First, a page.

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VIZAG GAS LEAK: SPEEDY JUSTICE FOR THE VICTIMS.

Updated: Jul 29

[Authored by Abhishek Naharia, a 4th year B.A. LL.B. (Hons) student at Rajiv Gandhi National University of Law, Punjab]

Visakhapatnam faced the burnt on 7th May when the rest of the Country was fighting COVID-19. There was a gas leakage reported from Andhra Pradesh’s Vishakhapatnam in LG Polymers chemical plant which resulted in at least 11 deaths[1] and at least 800 affected taken to the hospital. The leakage was caused by Styrene[2], which is an organic compound and which when leaked results in respiratory problems, irritation in eyes, and unconsciousness among other severe damages to the body. In times like these, when the National Green Tribunal (NGT) has taken suo-moto cognizance of the case and ordered Rs. 50 crores to be deposited by the Company, let us revisit the environmental laws which this gas leak has flouted and related landmark rulings.[3]


Principle of Strict Liability


The principle of Strict Liability has been into place in Indian laws since the British advent, following from Rylands v. Fletcher.[4] As per the Strict liability principle[5], whosoever keeps any hazardous substance in his premise would be liable for the damage caused as a result of the escape of that substance. Thus, the 3 essentials[6] of the principle are non-natural use of land, keeping the dangerous thing on land, and damage caused to aggrieved as a result of the damage. Howsoever, the law also provides for exceptions to this rule, viz. Plaintiff’s own fault, the act of god, the plaintiff’s own consent, and the act of 3rd party.[7]


Absolute Liability


There is less relevance of the principle of strict liability in Environmental law because of the fact that the damages caused in Environmental law are large scale damages and can be given no exceptions. The principle involved in these cases is known as the principle of Absolute liability. Propounded for the 1st time in M.C. Mehta v. UOI [8] (popularly known as, Oleum Gas Leakage Case), this rule is applicable for the person(s) causing damage as a result of his engagement in any hazardous activity. The rule of absolute liability was followed in a plethora of judgments by the Apex Court including Charan Lal Sahu case[9], Bhopal Gas Leak Case[10], Indian Council for Enviro Legal Action.[11]


Protection by the State


In case of a gas leak such as this, the State has an important role to play. Post the 42nd Amendment, 1976, the word “environment” was added in the Constitution. Art. 48A[12] was added in the Directive Principles of State Policy, which talks about the obligation of the State to protect the environment. In Rural Litigation and Entitlement Kendra Case[13], the Apex Court while focusing on Art. 48A held that the State has a responsibility to protect the Environment and this responsibility shall also be attributed to the citizens as their fundamental duty under Art. 51A(g). Further, the SC pointed out in M.C. Mehta v. State of Orissa[14] that any insanitation of the environment which severely affects the life of the citizens is a violation of the fundamental rights of citizens. Further, in M.C. Mehta v. UOI & Ors.[15], the SC held that right to live in a pollution-free environment is a fundamental right under Art. 21 of the Constitution.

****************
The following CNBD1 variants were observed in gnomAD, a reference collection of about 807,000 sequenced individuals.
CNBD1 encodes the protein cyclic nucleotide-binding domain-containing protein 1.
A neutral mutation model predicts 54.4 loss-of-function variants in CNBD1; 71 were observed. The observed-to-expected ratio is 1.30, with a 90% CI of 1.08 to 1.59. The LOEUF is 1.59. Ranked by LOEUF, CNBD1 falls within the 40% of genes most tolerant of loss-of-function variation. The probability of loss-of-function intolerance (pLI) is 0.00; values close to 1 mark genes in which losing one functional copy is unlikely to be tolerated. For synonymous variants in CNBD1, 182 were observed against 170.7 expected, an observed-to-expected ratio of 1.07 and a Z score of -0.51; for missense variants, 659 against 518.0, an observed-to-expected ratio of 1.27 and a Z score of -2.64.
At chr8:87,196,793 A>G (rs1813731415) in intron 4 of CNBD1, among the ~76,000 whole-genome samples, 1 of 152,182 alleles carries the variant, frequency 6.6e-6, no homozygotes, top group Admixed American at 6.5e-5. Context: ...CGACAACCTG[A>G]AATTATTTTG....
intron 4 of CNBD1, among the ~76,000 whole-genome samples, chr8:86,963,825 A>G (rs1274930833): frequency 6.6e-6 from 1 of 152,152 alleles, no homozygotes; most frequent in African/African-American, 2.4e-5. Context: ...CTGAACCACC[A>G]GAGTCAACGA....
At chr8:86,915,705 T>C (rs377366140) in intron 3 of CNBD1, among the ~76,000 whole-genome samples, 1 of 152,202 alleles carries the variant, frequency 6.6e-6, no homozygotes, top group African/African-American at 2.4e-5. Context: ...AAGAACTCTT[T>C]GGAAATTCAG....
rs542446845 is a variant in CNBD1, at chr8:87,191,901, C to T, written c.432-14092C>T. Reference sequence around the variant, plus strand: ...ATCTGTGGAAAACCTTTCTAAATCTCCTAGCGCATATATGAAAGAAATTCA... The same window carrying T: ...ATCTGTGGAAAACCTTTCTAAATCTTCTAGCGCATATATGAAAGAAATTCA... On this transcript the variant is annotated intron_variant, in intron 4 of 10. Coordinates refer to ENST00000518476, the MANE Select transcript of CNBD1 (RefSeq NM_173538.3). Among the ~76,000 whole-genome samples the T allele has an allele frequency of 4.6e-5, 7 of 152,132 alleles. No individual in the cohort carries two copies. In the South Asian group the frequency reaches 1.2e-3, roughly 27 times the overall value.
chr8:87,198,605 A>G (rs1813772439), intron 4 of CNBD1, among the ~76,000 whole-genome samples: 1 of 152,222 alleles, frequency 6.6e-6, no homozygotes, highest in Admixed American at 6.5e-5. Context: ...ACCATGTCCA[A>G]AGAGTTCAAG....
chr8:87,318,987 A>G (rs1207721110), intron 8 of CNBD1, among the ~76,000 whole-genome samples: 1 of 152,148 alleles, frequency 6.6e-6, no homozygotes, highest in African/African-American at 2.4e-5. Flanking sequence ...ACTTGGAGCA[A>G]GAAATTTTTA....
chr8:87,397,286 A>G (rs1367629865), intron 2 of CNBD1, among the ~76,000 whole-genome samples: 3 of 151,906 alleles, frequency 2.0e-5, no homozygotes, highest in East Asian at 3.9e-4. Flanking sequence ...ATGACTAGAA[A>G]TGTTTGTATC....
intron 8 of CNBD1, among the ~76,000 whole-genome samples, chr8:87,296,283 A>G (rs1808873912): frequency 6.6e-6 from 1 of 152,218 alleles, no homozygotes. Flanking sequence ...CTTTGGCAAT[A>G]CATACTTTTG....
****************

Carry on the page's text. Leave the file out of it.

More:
Rules and Legislations


In India, the damages accorded in cases of Absolute liability are civil in nature and it is high time that the law is amended to invoke criminal liability also in such environmental matters affecting the public at large. Chapter X of the CrPC, 1973 provided remedies for public nuisance, although the nature of the remedy still remains civil. Section 133[16] of the Criminal Procedure Code, 1973 talks about the conditional order that might be passed by the District Magistrate or Sub-divisional Magistrate. The Magistrate is also empowered to issue an Injunction order under Section 142[17] of CrPC pending the inquiry which he may order under Section 139[18] CrPC. Coming to the rules and legislation for the protection of incidences such as this, we have into place Environment (Protection) Act, 1986, Manufacture, Storage and Import of Hazardous Chemicals Rules, 1989 (MSIHC Rules), Public Liability Insurance Act, 1991, Hazardous Wastes (Management, Handling and Trans boundary Movement) Rules, 2008 and the National Green Tribunal Act, 2010.


Remedies


Under Section 15(1)[19] of the NGT Act, the Tribunal can grant order relief, compensation, and restitution to be provided to the victims, the property damaged, and the environment. A person who fails to comply with the order/award of the Tribunal is punishable with imprisonment (up to 3 years) and fine (up to 10 crores) or both as per Section 26(1)[20] of the Act. Other aforementioned laws do not have major penalties in the Act thus ineffective most of the time. It is high time that the current laws must be amended and shaped on the lines of the NGT Act so that they find relevance in times like these for the aggrieved. For instance, there are provisions in the Public Liability Insurance Act, 1991[21] wherein the aggrieved ought to get compensation by the law flouter, but then that is not sufficient as a remedy. We need stricter provisions as those of NGT Act.